More Answers to Questions About Punctuation
Here are my responses to three recent queries from readers about various punctuation matters.
1. In the sentence “I went to school, although I was feeling ill,” is the comma correct, or is it optional where the meaning is clear?
Most subordinating conjunctions require no preceding comma (for example, consider sentences in which before, if, or when bridge two independent clauses), but those that come before a contrasting statement, such as one that begins with although and whereas, should be preceded by one.
2. In the following sentence, is the use of single inverted commas correct, or incorrect?: “I thought to myself, ‘It’s a good thing that we are going down the stairs, as I would never be able to climb them back.’”
For internal thoughts, format as you have done, or italicize thoughts instead of enclosing them in inverted commas (or quotation marks, as they’re usually called in the United States). Here’s a post I wrote on the topic.
3. Today I wrote the sentence “The assessment is no longer required for technologists; only managers and higher.” I wasn’t sure which punctuation to use where the semicolon is. A comma wouldn’t provide a long enough pause to get my point across. I toyed with the idea of a colon, but it didn’t seem quite right. I went with a semicolon because “only managers and higher” seemed like a truncated independent clause. Seeing it now (after clicking Send), I think it maybe should have been a dash. What do you think?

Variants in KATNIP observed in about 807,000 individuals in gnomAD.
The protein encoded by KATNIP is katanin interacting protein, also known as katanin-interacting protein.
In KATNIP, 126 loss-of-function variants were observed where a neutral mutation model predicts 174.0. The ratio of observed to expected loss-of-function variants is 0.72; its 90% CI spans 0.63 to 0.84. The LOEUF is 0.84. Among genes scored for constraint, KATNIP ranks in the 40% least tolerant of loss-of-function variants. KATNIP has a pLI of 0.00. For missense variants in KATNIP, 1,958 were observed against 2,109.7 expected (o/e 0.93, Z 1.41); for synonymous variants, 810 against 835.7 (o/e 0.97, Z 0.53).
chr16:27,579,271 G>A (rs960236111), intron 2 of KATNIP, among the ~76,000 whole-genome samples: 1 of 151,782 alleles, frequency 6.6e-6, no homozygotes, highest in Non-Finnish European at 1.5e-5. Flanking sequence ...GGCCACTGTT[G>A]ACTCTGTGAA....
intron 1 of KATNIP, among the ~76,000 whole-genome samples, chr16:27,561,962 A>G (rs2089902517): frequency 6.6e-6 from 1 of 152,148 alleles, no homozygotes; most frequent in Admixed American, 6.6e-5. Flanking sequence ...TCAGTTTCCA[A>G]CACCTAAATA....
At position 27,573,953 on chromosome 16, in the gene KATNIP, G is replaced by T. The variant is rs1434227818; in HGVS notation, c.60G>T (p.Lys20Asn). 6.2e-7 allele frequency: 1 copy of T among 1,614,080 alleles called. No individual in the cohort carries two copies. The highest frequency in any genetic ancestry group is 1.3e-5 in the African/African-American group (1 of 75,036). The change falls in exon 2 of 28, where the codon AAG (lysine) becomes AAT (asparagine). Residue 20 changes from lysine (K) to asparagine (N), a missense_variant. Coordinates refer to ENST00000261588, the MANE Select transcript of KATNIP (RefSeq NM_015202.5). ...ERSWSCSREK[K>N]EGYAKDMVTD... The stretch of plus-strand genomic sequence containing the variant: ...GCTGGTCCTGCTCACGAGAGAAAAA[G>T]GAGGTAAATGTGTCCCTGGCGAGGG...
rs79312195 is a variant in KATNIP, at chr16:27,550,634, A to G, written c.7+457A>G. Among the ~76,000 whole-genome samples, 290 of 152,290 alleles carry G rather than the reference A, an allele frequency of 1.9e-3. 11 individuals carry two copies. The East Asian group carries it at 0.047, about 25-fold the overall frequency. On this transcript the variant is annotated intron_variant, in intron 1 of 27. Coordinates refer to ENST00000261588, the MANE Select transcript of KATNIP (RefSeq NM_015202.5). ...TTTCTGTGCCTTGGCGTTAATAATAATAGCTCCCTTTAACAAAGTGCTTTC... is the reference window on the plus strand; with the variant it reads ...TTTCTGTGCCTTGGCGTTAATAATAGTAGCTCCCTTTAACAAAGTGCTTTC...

I think that a comma is sufficient in this sentence, but, yes, for more emphasis, I would use an em dash (and follow it with “only for managers and higher”). A colon isn’t appropriate, because what follows is a comparison of sorts, not an expansion or definition. To merit a semicolon, what follows would have to be explicitly constructed as an independent clause, not just an abbreviated version of one.
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Keep learning! Browse the Punctuation category, check our popular posts, or choose a related post below:
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